Posts Tagged 'Florida'

Sponsoring a Florida College Football Team Can’t Whitewash a Private Prison Company’s Atrocious Record


Note: The following blog post originally appeared on the National ACLU Blog of Rights. That post can be seen here

Riled up? Sign this petition urging Florida Atlantic University to walk away from its deal with the GEO Group. The Owl football team should not have to play in Owlcatraz.

In Florida, incarceration is big business. So is college football. There might be some twisted logic, then, to the GEO Group, Inc.’s latest scheme to whitewash its public image. The GEO Group, a for-profit prison corporation headquartered in Boca Raton, announced on Tuesday that it had secured the naming rights to Florida Atlantic University’s football stadium in exchange for a $6 million donation to the university’s athletic program.

FAU president Mary Jane Saunders said of GEO, “We think it’s a wonderful company, and we’re very proud to partner with them.” President Saunders must have been blinded by the size of GEO’s donation, because last time we checked the GEO Group had a horrific, well-publicized record of abuse and neglect. When the plans for the gray multi-story façade of the GEO Group Stadium, which has already been nicknamed “Owlcatraz” by students, were unveiled on Tuesday, so was a stark visual representation of FAU’s shameful willingness to associate itself with a company that is anything but “wonderful.”

To take just one example: last year, a federal judge issued a blistering order in a joint ACLU/Southern Poverty Law Center lawsuit against the Walnut Grove Youth Correctional Facility, a GEO prison that held children and teenaged prisoners in Mississippi. Calling the GEO prison a “cesspool of unconstitutional and inhuman acts and conditions” and “a picture of such horror as should be unrealized anywhere in the civilized world,” the judge ordered mass transfers out of the prison and ordered the company to stop locking children in solitary confinement. This came not long after the U.S. Department of Justice issued a similar report describing staff sexual misconduct at Walnut Grove as “brazen” and among the worst that DOJ had seen “in any facility anywhere in the nation.” A month later, the State of Mississippi ended its relationship with GEO.

Making inroads into the Florida corrections system would indeed be a major business boon for the GEO Group. Currently, Florida operates the third-largest prison system in the United States, a $2.2 billion-a-year enterprise overseeing over 100,000 inmates and another 115,000 on community supervision. The prison population has more than doubled since 1990 and nearly quadrupled since 1984.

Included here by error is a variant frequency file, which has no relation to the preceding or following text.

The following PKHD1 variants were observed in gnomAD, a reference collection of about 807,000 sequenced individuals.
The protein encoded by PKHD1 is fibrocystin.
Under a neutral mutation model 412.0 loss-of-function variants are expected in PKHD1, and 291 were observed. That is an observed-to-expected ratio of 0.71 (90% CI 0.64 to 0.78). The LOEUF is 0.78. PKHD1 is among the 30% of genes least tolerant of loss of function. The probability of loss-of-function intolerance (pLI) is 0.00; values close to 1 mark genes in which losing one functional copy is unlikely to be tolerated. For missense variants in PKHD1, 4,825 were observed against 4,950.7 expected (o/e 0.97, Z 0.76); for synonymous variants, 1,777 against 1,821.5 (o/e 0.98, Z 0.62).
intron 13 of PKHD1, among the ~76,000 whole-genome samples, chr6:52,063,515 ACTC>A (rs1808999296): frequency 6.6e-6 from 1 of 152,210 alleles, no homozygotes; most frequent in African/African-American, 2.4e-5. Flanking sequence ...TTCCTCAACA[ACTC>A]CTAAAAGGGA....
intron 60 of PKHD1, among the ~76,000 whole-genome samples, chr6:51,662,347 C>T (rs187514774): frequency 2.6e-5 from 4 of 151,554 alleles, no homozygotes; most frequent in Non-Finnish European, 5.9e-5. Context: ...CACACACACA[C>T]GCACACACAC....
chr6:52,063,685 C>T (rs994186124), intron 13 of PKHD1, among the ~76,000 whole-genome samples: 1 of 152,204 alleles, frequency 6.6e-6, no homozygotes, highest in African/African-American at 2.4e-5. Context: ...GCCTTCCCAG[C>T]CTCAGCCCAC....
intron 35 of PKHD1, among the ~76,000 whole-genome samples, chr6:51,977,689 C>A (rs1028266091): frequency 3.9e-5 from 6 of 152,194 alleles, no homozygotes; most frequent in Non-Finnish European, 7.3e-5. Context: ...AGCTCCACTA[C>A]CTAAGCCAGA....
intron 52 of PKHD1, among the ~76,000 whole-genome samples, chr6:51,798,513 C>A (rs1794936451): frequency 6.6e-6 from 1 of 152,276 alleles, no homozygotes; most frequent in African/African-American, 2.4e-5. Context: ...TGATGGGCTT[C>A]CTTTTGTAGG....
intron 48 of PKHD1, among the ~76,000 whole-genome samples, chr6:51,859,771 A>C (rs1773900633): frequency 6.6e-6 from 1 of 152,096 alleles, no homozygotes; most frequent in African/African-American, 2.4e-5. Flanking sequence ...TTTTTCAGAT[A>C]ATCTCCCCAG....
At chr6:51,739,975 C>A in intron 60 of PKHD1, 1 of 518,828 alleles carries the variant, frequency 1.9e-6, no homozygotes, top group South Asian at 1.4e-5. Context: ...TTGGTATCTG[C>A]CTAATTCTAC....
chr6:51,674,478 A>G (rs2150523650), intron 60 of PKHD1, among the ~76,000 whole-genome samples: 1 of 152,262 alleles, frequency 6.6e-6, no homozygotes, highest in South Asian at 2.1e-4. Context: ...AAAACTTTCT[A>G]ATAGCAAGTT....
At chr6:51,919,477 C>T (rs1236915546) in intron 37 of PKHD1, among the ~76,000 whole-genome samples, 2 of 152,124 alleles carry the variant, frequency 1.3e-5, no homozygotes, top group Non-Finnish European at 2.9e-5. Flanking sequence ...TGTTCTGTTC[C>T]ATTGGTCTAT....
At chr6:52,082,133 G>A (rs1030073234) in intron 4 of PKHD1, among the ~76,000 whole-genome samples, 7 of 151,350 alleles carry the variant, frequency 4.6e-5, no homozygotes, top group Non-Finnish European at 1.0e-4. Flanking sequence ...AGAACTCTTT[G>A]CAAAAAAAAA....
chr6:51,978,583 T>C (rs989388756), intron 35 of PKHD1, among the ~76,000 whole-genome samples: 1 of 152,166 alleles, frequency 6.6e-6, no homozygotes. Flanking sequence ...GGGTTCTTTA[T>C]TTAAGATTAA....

Of all states, Florida imprisons the second-highest number of prisoners – over 11,000 or approximately 11% of the state prison population – in private facilities. And about 10 miles from the FAU stadium, GEO operates the 700-bed Broward Transition Center, a U.S. Immigration and Customs Enforcement detention center. The Broward facility is the only immigration detention center in Florida run by a private company, to the tune of an annual $20 million contract with the federal government. BTC is unique in that it is reserved for immigrants who have committed no crime or a nonviolent offense. While many of the detainees pose no threat to the public, the conditions at GEO pose a substantial threat to their health and well being.

Last year, two young people with the National Immigrant Youth Alliance, both brought to the U.S. undocumented when they were children, turned themselves in to gain access to BTC and investigate the conditions. They reported seeing lengthy and unnecessary confinement and numerous incidents of substandard medical care. They report a woman returned to her cell bleeding the same day of her ovarian surgery, and a man denied access to medical care for days while he urinated blood. In response to their report, 26 members of Congress demanded an investigation into the quality of medical care provided at BTC.

The $6 million that FAU accepted from GEO this week should not be viewed as a philanthropic gift, but a purchase of 12 years of stadium naming rights, advertising to improve the company’s image after its highly publicized improper treatment of detainees.

It is particularly galling that FAU and GEO made their announcement in the midst ofFAU’s commemoration of Black History Month. Prison profiteers like GEO depend for their profits on the continued large-scale incarceration of young men and women – many of whom are people of color. Nationwide, 58% of the people in prison are African-American or Latino, and 30.3% are between the ages of 18 and 29. (Indeed, one researcher recently found that African Americans and Latinos are even more overrepresented in private prisons than public prisons.). So the FAU Owls football team (most of whom are themselves African-American) will be sponsored by a company whose core business depends on the continued overincarceration of young people who look much like themselves.

TAKE ACTION: Join the ACLU, Beyond Bars, and the FAU community and ask FAU to walk away from GEO’s tainted money.

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Two Recent Victories for LGBT Rights

By Daniel Tilley
ACLU of Florida LGBT Advocacy

This week witnessed two steps forward in the movement for LGBT equality in Florida. First, courageous students at Booker T. Washington High School in Pensacola successfully established a Gay-Straight Alliance (GSA), the first of its kind in the Escambia County School District.